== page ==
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Lifetime body size and prostate cancer risk in a population-based case-control study in Sweden
Karolinska Inst, Dept Med Epidemiol & Biostat, SE-17177 Stockholm, Sweden..
Karolinska Inst, Dept Med Epidemiol & Biostat, SE-17177 Stockholm, Sweden.;Harvard Univ, Sch Publ Hlth, Dept Epidemiol, Boston, MA 02115 USA..
Harvard Univ, Sch Publ Hlth, Dept Epidemiol, Boston, MA 02115 USA.;Brigham & Womens Hosp, Dept Med, Channing Div Network Med, Boston, MA 02115 USA.;Harvard Univ, Sch Med, Boston, MA USA.;Univ Iceland, Ctr Publ Hlth Sci, Reykjavik, Iceland..
Karolinska Inst, Dept Med Epidemiol & Biostat, SE-17177 Stockholm, Sweden..ORCID iD: 0000-0002-6546-3650
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2013 (English)In: Cancer Causes and Control, ISSN 0957-5243, E-ISSN 1573-7225, Vol. 24, no 12, p. 2143-2155Article in journal (Refereed) Published
Abstract [en]

The role of body size in prostate cancer etiology is unclear and potentially varies by age and disease subtype. We investigated whether body size in childhood and adulthood, including adult weight change, is related to total, low-intermediate-risk, high-risk, and fatal prostate cancer. We used data on 1,499 incident prostate cancer cases and 1,118 population controls in Sweden. Body figure at age 10 was assessed by silhouette drawings. Adult body mass index (BMI) and weight change were based on self-reported height and weight between ages 20 and 70. We estimated odds ratios (ORs) with 95 % confidence intervals (CIs) by unconditional logistic regression. Height was positively associated with prostate cancer. Overweight/obesity in childhood was associated with a 54 % increased risk of dying from prostate cancer compared to normal weight, whereas a 27 % lower risk was seen in men who were moderately thin (drawing 2) in childhood (P (trend) = 0.01). Using BMI < 22.5 as a reference, we observed inverse associations between BMI 22.5 to < 25 at age 20 and all prostate cancer subtypes (ORs in the range 0.72-0.82), and between mean adult BMI 25 to < 27.5 and low-intermediate-risk disease (OR 0.75, 95 % CI 0.55-1.02). Moderate adult weight gain increased the risk of disease in men with low BMI at start and in short men. Our comprehensive life-course approach revealed no convincing associations between anthropometric measures and prostate cancer risk. However, we found some leads that deserve further investigation, particularly for early-life body size. Our study highlights the importance of the time window of exposure in prostate cancer development.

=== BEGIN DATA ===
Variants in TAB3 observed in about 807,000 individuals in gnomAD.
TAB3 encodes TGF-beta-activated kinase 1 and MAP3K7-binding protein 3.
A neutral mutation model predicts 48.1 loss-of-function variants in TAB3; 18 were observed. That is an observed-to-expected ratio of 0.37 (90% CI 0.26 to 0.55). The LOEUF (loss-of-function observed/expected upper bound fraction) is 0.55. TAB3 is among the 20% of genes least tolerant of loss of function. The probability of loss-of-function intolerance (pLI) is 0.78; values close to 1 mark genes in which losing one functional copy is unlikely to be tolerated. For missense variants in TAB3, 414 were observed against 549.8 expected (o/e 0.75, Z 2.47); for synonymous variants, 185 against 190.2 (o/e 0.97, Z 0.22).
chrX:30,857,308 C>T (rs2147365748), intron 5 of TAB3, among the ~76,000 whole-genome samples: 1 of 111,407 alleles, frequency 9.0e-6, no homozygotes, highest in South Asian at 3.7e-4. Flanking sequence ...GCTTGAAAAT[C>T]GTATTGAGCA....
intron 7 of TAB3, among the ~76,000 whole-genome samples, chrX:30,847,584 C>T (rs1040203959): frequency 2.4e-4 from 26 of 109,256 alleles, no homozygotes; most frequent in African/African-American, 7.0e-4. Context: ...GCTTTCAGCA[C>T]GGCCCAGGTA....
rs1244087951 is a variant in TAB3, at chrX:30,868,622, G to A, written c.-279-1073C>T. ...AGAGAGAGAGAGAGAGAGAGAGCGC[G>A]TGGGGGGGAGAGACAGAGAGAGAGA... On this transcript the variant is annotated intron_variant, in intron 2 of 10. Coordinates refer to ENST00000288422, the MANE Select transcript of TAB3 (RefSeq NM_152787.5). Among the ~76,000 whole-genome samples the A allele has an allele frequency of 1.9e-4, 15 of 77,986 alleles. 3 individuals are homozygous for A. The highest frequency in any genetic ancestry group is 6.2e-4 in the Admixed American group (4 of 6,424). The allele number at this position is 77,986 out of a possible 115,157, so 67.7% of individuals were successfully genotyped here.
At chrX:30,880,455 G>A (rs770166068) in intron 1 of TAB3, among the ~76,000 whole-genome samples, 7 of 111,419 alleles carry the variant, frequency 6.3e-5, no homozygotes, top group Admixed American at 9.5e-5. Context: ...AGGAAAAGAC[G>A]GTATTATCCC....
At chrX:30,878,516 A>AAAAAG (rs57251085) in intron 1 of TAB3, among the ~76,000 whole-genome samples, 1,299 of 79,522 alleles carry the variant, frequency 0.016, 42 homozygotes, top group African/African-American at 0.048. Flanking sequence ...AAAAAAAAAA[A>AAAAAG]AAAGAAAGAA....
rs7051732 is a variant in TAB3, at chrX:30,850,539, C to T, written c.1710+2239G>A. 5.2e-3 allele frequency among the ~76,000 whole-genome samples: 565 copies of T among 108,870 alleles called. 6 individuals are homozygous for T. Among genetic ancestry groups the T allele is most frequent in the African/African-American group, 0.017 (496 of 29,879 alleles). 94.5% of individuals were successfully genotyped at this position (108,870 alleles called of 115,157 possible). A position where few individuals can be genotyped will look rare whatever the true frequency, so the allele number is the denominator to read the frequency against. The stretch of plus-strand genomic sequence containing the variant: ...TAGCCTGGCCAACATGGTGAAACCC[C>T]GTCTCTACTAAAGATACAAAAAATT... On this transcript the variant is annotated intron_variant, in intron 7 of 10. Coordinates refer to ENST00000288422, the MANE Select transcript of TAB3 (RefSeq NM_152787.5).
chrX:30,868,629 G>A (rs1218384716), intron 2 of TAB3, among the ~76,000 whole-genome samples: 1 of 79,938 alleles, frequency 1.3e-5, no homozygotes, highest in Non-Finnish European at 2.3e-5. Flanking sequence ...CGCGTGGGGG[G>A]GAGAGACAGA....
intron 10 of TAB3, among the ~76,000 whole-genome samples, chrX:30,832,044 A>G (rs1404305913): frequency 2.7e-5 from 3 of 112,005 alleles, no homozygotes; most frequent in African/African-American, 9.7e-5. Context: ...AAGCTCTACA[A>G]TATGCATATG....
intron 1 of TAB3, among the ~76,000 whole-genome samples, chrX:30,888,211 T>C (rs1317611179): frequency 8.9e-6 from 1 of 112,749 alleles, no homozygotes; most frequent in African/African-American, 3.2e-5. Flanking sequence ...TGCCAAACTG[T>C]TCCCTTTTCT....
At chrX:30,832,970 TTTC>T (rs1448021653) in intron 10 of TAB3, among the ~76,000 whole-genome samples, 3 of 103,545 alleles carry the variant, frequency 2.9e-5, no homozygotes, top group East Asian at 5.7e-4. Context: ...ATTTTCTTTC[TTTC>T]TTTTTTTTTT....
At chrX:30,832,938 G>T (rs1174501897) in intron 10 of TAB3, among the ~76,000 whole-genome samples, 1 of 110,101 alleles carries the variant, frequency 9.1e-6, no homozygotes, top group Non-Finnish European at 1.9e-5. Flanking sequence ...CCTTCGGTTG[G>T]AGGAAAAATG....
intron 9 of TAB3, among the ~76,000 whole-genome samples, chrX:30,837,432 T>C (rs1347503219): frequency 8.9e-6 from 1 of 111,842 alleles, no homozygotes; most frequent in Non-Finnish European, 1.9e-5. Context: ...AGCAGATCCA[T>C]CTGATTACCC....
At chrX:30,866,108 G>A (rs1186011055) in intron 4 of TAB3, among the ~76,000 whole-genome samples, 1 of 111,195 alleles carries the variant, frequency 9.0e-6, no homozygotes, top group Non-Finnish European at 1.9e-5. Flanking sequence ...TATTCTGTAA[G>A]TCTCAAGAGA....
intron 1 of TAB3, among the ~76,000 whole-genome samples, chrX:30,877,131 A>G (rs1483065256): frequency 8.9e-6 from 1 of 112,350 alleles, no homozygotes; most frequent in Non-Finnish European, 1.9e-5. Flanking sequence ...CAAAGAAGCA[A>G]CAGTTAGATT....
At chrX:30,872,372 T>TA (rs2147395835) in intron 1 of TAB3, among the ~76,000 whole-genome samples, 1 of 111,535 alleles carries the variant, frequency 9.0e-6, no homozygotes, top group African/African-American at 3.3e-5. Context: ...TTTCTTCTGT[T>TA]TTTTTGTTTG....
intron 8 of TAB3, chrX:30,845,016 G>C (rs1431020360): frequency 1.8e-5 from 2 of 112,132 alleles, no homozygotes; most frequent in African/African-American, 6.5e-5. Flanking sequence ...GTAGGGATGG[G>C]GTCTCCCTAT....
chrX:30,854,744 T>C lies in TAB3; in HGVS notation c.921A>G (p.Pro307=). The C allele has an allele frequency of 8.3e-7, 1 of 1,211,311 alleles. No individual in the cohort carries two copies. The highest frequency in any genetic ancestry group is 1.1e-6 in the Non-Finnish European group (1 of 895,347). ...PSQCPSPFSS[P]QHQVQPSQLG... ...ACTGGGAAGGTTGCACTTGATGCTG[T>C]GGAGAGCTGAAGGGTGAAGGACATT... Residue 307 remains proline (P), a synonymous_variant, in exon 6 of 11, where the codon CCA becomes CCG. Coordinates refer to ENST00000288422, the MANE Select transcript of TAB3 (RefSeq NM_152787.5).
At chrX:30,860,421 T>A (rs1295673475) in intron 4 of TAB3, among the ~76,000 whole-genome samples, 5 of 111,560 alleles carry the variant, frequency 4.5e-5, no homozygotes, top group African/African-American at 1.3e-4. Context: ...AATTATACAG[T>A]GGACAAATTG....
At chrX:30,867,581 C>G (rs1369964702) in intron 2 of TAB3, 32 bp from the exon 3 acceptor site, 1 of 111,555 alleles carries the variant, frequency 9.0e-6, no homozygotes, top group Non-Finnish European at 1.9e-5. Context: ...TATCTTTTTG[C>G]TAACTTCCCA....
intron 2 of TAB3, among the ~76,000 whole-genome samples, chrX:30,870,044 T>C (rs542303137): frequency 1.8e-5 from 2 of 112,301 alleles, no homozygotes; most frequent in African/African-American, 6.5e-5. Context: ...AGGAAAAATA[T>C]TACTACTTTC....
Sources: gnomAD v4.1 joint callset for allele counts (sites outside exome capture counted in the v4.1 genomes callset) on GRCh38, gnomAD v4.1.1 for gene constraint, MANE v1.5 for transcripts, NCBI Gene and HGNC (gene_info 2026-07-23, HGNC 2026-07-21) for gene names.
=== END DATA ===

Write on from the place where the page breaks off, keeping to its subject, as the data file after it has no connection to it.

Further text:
Place, publisher, year, edition, pages
SPRINGER , 2013. Vol. 24, no 12, p. 2143-2155
Keywords [en]
Prostatic neoplasms, Body figure, Height, Body mass index, Weight change, Epidemiology
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Health Sciences
Identifiers
URN: urn:nbn:se:mdh:diva-40681DOI: 10.1007/s10552-013-0291-0ISI: 000326632200010PubMedID: 24048969OAI: oai:DiVA.org:mdh-40681DiVA, id: diva2:1246025
Available from: 2018-09-06 Created: 2018-09-06 Last updated: 2018-09-06Bibliographically approved

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Bälter, Katarina

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